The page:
By: Staff Reports | Gwinnett Citizen

Resolve to give blood in January for National Blood Donor Month 

The American Red Cross asks eligible blood donors to make a resolution to give blood regularly in 2015, beginning with National Blood Donor Month in January.

National Blood Donor Month recognizes the importance of giving blood and platelets while honoring those who roll up a sleeve to help patients in need. It has been observed during January since 1970, and that’s no coincidence. Winter is an especially difficult time to collect enough blood to meet patient needs. Unpredictable winter weather can result in blood drive cancelations, and seasonal illnesses, like the flu, may cause some donors to be unable to make or keep blood donation appointments. 

Donors of all blood types are needed, especially those with O negative, A negative and B negative. With a shelf life of 42 days, red blood cells must be constantly replenished to maintain an adequate supply for patients. Individuals who come out to give blood Jan. 1 through Jan. 4 will receive a long-sleeve Red Cross T-shirt, while supplies last.

To learn more about donating blood and to schedule an appointment, download the Red Cross Blood Donor App, visit redcrossblood.org or call 1-800-RED CROSS (1-800-733-2767).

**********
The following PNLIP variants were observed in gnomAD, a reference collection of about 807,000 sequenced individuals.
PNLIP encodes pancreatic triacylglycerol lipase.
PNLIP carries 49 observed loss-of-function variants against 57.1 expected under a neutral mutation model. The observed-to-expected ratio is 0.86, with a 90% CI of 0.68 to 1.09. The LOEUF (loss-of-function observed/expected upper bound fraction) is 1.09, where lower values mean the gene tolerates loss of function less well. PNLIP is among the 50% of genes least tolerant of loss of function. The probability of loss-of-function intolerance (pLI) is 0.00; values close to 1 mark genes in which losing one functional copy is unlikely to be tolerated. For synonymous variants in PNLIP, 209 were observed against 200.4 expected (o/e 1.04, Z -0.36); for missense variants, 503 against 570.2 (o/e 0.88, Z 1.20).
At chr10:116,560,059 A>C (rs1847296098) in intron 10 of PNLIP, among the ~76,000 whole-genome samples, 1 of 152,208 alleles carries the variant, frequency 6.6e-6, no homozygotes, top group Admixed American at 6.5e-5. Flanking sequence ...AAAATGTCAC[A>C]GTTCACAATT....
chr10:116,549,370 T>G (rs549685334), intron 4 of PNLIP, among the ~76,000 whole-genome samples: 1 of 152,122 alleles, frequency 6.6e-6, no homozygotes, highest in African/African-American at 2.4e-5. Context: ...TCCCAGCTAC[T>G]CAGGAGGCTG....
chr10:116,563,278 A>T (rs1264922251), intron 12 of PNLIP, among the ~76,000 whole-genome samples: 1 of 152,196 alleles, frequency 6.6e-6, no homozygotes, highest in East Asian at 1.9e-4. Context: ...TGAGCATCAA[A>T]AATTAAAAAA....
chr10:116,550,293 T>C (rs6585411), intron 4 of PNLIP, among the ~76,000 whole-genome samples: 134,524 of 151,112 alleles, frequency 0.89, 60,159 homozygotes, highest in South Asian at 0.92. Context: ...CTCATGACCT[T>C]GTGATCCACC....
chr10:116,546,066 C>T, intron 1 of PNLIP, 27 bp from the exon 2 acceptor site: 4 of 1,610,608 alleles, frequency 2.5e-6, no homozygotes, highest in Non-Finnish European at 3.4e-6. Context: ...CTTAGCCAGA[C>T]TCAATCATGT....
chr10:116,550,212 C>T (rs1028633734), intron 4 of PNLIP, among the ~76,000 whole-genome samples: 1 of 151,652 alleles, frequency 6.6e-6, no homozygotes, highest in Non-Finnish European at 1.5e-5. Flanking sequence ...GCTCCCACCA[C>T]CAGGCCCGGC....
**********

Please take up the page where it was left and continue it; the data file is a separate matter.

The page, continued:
How to donate blood
Simply download the American Red Cross Blood Donor App, visit redcrossblood.org or call 1-800-RED CROSS (1-800-733-2767) to make an appointment or for more information. All blood types are needed to ensure a reliable supply for patients. A blood donor card or driver’s license or two other forms of identification are required at check-in. Individuals who are 17 years of age (16 with parental consent in some states), weigh at least 110 pounds and are in generally good health may be eligible to donate blood. High school students and other donors 18 years of age and younger also have to meet certain height and weight requirements.

About the American Red Cross
The American Red Cross shelters, feeds and provides emotional support to victims of disasters; supplies about 40 percent of the nation’s blood; teaches skills that save lives; provides international humanitarian aid; and supports military members and their families. The Red Cross is a not-for-profit organization that depends on volunteers and the generosity of the American public to perform its mission. For more information, please visit redcross.org or visit us on Twitter at @RedCross.